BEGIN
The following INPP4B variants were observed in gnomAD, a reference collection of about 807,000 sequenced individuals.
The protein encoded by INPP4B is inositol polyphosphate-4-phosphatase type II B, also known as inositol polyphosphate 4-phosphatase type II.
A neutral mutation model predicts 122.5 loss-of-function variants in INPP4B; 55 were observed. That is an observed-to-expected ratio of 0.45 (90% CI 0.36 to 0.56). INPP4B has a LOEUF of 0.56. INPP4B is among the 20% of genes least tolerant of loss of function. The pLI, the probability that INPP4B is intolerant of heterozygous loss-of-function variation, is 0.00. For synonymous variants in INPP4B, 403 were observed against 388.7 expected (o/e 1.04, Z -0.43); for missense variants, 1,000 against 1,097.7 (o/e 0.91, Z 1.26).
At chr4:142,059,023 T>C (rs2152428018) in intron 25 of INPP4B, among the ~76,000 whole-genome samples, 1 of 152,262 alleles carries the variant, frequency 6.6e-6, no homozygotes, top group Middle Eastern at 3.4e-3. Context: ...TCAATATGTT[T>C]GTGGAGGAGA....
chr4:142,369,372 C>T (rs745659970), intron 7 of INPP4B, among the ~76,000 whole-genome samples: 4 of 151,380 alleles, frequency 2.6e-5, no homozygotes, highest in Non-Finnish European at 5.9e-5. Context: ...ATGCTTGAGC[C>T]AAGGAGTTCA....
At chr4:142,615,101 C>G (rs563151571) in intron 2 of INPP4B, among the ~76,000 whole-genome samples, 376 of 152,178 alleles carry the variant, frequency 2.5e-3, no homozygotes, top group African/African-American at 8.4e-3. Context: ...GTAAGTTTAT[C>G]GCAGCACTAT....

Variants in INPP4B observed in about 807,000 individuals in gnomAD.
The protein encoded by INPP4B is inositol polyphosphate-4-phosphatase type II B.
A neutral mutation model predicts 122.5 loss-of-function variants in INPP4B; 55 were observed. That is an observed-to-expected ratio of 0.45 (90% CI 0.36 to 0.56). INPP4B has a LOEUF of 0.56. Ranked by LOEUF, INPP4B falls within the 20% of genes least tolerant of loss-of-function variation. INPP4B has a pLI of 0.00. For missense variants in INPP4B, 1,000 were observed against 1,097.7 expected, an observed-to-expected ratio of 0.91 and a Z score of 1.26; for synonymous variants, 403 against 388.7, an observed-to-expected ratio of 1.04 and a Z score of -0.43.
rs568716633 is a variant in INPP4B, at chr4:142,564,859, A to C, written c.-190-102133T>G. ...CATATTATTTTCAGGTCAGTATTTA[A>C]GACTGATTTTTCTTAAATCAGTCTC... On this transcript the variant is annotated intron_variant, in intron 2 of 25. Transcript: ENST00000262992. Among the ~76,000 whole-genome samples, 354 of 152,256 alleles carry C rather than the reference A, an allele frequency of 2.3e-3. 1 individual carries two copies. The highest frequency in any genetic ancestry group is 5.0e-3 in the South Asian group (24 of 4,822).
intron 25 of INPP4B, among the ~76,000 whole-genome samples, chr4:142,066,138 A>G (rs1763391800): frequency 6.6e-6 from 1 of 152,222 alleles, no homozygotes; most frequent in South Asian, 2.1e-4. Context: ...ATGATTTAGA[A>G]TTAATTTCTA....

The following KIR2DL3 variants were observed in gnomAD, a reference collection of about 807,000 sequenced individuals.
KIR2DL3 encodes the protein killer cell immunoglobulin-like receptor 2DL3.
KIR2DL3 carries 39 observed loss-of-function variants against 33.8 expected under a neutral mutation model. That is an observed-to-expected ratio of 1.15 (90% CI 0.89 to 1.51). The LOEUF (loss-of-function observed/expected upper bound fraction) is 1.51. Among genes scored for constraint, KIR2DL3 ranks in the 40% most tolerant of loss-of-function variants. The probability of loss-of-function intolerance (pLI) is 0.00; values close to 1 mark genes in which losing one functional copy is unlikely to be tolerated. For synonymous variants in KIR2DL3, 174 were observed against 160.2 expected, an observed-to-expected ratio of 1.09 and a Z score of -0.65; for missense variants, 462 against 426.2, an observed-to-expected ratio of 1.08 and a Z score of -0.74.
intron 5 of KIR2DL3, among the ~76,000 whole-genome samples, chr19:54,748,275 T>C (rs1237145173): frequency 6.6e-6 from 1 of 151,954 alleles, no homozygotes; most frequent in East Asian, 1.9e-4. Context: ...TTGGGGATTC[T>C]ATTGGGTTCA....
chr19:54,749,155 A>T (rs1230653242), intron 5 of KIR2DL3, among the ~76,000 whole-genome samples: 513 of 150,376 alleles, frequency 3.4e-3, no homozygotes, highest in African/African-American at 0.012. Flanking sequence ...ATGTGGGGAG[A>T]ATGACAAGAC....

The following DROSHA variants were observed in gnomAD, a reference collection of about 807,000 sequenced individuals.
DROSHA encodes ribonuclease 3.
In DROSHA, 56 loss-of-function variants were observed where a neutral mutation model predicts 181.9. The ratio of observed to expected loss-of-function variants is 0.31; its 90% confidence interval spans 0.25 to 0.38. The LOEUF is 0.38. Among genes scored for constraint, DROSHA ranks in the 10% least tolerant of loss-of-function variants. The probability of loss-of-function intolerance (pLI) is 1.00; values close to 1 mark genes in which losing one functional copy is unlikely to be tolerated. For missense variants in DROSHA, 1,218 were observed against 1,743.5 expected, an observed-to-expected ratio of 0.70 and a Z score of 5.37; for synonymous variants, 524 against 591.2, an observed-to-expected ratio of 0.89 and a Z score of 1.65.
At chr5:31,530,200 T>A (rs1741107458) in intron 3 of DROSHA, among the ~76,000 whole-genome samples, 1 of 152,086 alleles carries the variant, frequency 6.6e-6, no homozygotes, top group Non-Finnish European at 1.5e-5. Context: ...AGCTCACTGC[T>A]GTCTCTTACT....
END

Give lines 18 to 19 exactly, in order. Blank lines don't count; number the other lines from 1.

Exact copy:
DROSHA encodes ribonuclease 3.
In DROSHA, 56 loss-of-function variants were observed where a neutral mutation model predicts 181.9. The ratio of observed to expected loss-of-function variants is 0.31; its 90% confidence interval spans 0.25 to 0.38. The LOEUF is 0.38. Among genes scored for constraint, DROSHA ranks in the 10% least tolerant of loss-of-function variants. The probability of loss-of-function intolerance (pLI) is 1.00; values close to 1 mark genes in which losing one functional copy is unlikely to be tolerated. For missense variants in DROSHA, 1,218 were observed against 1,743.5 expected, an observed-to-expected ratio of 0.70 and a Z score of 5.37; for synonymous variants, 524 against 591.2, an observed-to-expected ratio of 0.89 and a Z score of 1.65.